Most of you will have experience of learning in a classroom, face to face with your teacher and other students. And many of you may also have experience of learning online, either formally on a distance learning course or what we call a ‘blended course’ (partly online, partly face-to-face), informally by consulting websites and online resources, reading blogs, discussing topics in online chat rooms or by following open online courses such as MOOCs.
This part of the guide will help you understand some of the specificities of studying online to help you get the best out of the experience.
In the classroom, communication is immediate. It can be one way, when the teacher gives a lecture, or more interactive if there is discussion or group work involved. One of the main differences in studying online is that you don’t always have immediate reactions from the teachers or your classmates, as a lot of the communication is what we call ‘asynchronous’. You might feel alone, isolated and frustrated, especially if you have doubts or questions about a certain point. But learning online isn’t necessarily a lonely activity, as Sandra will tell you:
“Hi, I’m Sandra. I’m in my final year of engineering studies at the University of Bluetown. Friends of mine who work in industry have told me that they have to manage huge projects, and what they learnt at university doesn’t really teach them many of the skills they need. So they encouraged me to brush up my teamworking and communication skills by following additional courses. My first reactions were “How on earth will I ever find time to do that on top of my studies and how can I afford it?” but then my sister told me about MOOCs.
And now I’ve just completed my first MOOC, on Project Management. It was easy to see how teamwork fitted in there, as one of the tasks was to design projects in groups of 5, even though there were 10,000 people following the course. I liked the videos, which I could watch several times and take notes, though I sometimes found the system of quizzes after every unit a bit repetitive. What I liked most was posting questions on the forum and then getting answers from other students from all over the world.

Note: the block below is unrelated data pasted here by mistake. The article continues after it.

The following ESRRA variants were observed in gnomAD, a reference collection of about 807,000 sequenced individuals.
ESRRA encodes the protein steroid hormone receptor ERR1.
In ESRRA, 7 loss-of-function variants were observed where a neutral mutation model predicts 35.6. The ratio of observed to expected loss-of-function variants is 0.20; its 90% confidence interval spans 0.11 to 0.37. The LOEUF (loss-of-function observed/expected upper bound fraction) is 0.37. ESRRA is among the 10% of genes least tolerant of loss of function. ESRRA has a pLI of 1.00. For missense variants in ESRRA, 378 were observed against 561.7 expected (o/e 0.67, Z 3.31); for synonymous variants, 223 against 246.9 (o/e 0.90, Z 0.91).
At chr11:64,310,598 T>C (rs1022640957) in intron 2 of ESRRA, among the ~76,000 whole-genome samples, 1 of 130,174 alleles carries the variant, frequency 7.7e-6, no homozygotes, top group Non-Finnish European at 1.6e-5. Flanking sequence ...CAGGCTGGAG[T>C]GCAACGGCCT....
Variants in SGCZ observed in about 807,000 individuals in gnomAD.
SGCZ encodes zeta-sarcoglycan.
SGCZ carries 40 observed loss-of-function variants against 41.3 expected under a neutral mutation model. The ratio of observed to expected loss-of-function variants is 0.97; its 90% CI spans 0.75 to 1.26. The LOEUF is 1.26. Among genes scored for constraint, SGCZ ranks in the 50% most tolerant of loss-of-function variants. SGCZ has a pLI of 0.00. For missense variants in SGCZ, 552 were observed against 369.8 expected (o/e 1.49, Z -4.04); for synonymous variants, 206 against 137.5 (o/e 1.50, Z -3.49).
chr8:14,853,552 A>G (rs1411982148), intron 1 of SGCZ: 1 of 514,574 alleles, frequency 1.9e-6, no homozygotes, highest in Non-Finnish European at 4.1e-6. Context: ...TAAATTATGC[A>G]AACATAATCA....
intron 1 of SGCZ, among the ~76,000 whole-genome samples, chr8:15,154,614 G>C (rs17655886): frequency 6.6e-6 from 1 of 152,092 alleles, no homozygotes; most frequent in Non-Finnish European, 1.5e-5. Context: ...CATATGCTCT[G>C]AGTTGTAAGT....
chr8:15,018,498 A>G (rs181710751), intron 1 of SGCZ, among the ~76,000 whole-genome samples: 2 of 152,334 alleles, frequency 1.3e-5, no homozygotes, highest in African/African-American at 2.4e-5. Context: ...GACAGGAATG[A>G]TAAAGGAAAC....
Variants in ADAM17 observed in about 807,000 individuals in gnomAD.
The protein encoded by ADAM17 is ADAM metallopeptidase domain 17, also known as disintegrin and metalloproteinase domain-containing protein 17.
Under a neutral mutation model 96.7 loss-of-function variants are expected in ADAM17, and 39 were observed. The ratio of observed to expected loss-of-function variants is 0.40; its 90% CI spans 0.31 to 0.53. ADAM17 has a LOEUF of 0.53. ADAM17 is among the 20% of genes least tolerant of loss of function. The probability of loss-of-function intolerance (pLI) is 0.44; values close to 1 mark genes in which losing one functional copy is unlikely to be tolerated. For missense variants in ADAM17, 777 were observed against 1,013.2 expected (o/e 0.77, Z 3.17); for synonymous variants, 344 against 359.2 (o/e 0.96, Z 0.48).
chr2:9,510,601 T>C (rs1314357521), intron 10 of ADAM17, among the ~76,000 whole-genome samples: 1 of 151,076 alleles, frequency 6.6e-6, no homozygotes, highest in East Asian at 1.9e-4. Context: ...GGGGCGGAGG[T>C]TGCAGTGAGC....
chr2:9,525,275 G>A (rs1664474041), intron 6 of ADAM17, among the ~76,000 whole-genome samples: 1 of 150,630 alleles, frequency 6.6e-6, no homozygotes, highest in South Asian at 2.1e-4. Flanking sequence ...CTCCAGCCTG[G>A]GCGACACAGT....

The group work was complicated to set up, for example my first suggestion for a project only had one person interested in it and I almost abandoned the MOOC because of that, but then I saw another suggestion very close to mine and asked to join that group. We worked online on the platform, had Skype meetings to be able to talk to each other live (a bit of a challenge given the different time zones, but now I have a much better knowledge of geography!) and submitted our project for peer review. We also had to review other students’ projects and to be careful how to express our criticism so as not to offend the others. After all, we knew we would be on the receiving end of feedback too.
Now the MOOC is over, I’m Facebook friends with two of the other members of my group and am updating my CV. I’ve heard about something called an ePortfolio where I can show recruiters my work and the competencies it demonstrates but I don’t really know what it is. That’s my next task, to find out!”
Contribution from Lisa-Marie Blascke, Program Director, Master of Distance Education and E-Learning (MDE), Carl von Ossietzky Universität Oldenburg.
Knowles (1975) defines self-directed learning as: “a process in which individuals take the initiative, with or without the help of others, in diagnosing their learning needs, formulating learning goals, identifying human and material resources for learning, choosing and implementing appropriate learning strategies, and evaluating learning outcomes” (p. 18).
In layman’s terms, this basically means that you decide how you will organize and conduct your learning activities. The level of self-directedness that you engage in when you learn online can be as simple as defining a schedule for carrying out learning tasks – responding to discussion posts, reading course material, and working on group activities – to deciding what will be learned and assessing your individual success in learning (for example, identifying your learning goals and the resources you will use to learn and then deciding whether you have achieved what you first set out to learn).
To become a self-directed learner, you will need to take control of your learning, which can be somewhat daunting, especially if you are accustomed to taking direction from your teacher in deciding when and how to learn. At the same time, becoming self-directed in your learning gives you a certain freedom and autonomy in making decisions about learning. You are in charge of the learning experience. In the online classroom, you make the decisions on how to manage your learning, and your instructor is there to guide you through the process as needed.
Knowles, M. (1975). Self-directed learning: A guide for learners and teachers. USA: Globe Fearon.
In a study of over 100,000 online learners, Sandra Milligan, Associate Professor at the University of Melbourne, finds that learning is a skill in itself that involves being prepared to take a risk, engaging with peers and having an independent streak.